Rudolf Weigl: The Polish Scientist Who Saved Lives with His Typhus Vaccine

Typhus is a deadly disease caused by bacteria that are transmitted by lice, fleas, or mites. It causes high fever, headache, rash, and sometimes delirium and death. Typhus was a major threat to public health in Europe and other parts of the world in the 19th and 20th centuries, especially during wars and famines. Many people died from typhus outbreaks, including famous figures such as Anne Frank and Napoleon Bonaparte.

However, thanks to the work of a Polish scientist named Rudolf Weigl, a vaccine against typhus was developed and used to prevent and control the disease. Weigl not only made a significant contribution to science and medicine, but also used his vaccine to save thousands of lives during the Nazi occupation of Poland in World War II. He risked his own life to protect Jews, intellectuals, and resistance fighters from the Nazis, who used typhus as an excuse to kill or deport them. He was also a humanitarian who helped many people in need, regardless of their nationality or religion.

Who was Rudolf Weigl?

Rudolf Weigl was born on September 2, 1883, in Prerau, which was then part of the Austro-Hungarian Empire. His father died when he was young, and his mother remarried a Polish teacher. Weigl grew up in Jasło and Lviv (then Lwów), where he studied biology at the Lwów University. He became interested in typhus and its causes, and worked as a researcher at a military hospital in Przemyśl during World War I. He later became a professor at the Lwów University and the director of the Institute for Typhus and Virus Research.

Weigl devoted his life to studying typhus and developing a vaccine against it. He discovered that typhus is caused by bacteria called Rickettsia prowazekii, which live inside the gut of lice. He also found that the bacteria can be grown in chicken eggs or in live guinea pigs. He used these methods to produce a vaccine that could protect people from typhus by injecting them with weakened bacteria.

Weigl’s vaccine was the first effective vaccine against typhus, and it saved millions of lives around the world. He was nominated for the Nobel Prize in Medicine several times, but never won it. He also received many honors and awards for his work, such as the French Legion of Honor and the Polish Order of Polonia Restituta.

How did Rudolf Weigl save lives during World War II?

When Nazi Germany invaded Poland in 1939, Weigl was in Lviv, which became part of the General Government under Nazi rule. The Nazis persecuted Jews, Poles, and other groups, and used typhus as a pretext to kill or deport them to concentration camps. They also imposed harsh living conditions that increased the risk of typhus outbreaks.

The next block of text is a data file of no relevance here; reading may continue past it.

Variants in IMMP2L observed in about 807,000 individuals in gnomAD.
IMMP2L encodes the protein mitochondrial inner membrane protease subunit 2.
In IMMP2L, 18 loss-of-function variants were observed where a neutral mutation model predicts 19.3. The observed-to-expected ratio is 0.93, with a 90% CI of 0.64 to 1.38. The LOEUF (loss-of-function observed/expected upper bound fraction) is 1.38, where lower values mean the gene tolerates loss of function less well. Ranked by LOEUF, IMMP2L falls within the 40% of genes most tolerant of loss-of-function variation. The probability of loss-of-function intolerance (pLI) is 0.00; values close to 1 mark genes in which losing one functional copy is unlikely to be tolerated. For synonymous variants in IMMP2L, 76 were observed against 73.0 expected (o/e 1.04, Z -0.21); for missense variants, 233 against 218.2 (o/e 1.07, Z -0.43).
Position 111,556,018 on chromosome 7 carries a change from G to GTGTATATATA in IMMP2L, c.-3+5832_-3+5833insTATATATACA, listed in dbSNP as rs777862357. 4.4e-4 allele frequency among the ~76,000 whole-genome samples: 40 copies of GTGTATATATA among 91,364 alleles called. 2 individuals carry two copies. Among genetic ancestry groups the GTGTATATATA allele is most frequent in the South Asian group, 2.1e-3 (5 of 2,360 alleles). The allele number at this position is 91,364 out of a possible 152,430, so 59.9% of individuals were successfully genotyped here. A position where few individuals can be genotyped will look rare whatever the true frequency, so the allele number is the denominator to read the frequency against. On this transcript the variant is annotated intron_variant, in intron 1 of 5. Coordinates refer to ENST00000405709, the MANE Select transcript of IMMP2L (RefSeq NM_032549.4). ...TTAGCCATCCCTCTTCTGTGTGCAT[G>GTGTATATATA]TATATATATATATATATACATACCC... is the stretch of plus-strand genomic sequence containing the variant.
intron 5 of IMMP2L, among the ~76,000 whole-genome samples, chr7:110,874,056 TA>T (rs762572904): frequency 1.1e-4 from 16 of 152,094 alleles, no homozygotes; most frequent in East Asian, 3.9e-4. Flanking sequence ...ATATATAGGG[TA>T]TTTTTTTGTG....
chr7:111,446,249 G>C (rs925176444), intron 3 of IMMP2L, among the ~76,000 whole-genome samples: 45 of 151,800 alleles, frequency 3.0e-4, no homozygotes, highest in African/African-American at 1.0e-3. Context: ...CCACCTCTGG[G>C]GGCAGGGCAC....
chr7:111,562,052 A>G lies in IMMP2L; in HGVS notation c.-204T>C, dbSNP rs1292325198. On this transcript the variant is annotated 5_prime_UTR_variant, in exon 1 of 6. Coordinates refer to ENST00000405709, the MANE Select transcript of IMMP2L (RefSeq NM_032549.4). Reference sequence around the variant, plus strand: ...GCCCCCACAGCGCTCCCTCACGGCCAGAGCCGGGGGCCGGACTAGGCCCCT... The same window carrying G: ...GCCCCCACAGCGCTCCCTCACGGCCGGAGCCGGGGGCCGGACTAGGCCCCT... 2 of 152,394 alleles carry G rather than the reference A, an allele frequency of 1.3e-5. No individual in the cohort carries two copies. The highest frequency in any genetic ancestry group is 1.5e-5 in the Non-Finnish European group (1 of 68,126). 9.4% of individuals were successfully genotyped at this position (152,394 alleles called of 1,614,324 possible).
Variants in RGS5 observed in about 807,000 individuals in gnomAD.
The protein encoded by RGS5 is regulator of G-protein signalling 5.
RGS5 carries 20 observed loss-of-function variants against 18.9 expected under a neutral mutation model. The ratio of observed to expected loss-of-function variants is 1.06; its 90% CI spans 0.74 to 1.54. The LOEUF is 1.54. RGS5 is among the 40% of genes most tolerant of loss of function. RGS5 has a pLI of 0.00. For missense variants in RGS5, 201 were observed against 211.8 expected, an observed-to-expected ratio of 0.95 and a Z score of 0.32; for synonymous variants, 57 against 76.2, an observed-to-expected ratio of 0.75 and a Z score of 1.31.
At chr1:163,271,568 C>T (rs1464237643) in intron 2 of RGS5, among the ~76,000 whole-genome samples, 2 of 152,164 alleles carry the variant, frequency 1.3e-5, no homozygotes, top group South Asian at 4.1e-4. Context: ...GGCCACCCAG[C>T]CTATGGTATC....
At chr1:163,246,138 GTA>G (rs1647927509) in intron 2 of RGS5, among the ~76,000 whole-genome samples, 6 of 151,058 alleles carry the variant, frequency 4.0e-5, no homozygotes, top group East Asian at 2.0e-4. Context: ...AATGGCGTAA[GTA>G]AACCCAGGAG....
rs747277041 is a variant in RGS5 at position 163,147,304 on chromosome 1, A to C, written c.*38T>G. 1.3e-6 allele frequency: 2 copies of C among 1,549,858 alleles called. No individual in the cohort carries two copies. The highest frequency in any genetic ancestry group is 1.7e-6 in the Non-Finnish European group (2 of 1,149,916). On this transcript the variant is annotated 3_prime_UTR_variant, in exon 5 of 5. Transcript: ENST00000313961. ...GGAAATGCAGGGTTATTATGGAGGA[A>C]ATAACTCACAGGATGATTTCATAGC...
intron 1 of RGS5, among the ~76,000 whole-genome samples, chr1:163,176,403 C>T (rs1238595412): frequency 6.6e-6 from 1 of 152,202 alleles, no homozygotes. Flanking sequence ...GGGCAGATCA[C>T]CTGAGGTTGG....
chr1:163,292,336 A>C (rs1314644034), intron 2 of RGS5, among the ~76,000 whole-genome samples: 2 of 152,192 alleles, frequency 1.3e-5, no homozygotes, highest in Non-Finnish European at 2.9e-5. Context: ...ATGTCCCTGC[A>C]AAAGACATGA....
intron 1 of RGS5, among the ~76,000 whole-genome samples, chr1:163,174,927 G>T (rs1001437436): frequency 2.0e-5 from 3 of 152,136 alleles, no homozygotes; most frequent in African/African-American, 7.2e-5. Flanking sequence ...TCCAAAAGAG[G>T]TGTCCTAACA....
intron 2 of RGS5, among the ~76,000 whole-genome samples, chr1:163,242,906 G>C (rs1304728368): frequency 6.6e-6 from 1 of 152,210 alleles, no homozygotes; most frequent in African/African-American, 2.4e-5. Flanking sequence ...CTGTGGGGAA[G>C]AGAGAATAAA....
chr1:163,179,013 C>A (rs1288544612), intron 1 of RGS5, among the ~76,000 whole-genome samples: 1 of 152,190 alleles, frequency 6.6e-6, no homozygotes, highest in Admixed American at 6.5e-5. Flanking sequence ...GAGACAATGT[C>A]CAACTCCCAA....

Weigl used his position as a respected scientist and a vaccine producer to save thousands of lives during this time. He employed many Jews and intellectuals in his institute, where they worked as researchers or technicians. He gave them certificates that exempted them from deportation or arrest by the Nazis, who feared getting infected with typhus from them. He also provided them with food, clothing, and shelter.

Weigl also secretly distributed his vaccine to Jews in ghettos and camps, as well as to members of the Polish resistance and underground organizations. He smuggled his vaccine out of his institute in various ways, such as hiding it in milk bottles or false-bottomed suitcases. He also trained some of his workers to produce the vaccine independently in hidden locations.

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Weigl’s actions saved an estimated 5,000 lives during World War II. He was recognized as a Righteous Among the Nations by Yad Vashem in 2003 for his heroic deeds.

What happened to Rudolf Weigl after World War II?

After World War II ended, Weigl moved to Kraków, where he continued his research at the Jagiellonian University. He also worked at the University of Poznań and founded the Institute of Microbiology there. He died on August 11, 1957, in Zakopane, at the age of 73.

Weigl’s legacy lives on today as one of the most influential and courageous scientists in history. His vaccine against typhus is still used in some parts of the world where the disease is endemic. His institute in Lviv is now named after him and houses a museum dedicated to his life and work. His story is also an inspiration for many people who value human dignity and compassion.


Rudolf Weigl was a Polish scientist who developed the first effective vaccine against typhus, a deadly disease that killed millions of people in the past. He also used his vaccine to save thousands of lives during the Nazi occupation of Poland in World War II, by employing and protecting Jews and intellectuals in his institute, and by secretly distributing his vaccine to those in need. He was a hero who risked his own life to help others, regardless of their background or beliefs. He was honored as a Righteous Among the Nations and nominated for the Nobel Prize in Medicine for his achievements and contributions. He is remembered today as one of the greatest and most noble scientists of all time.

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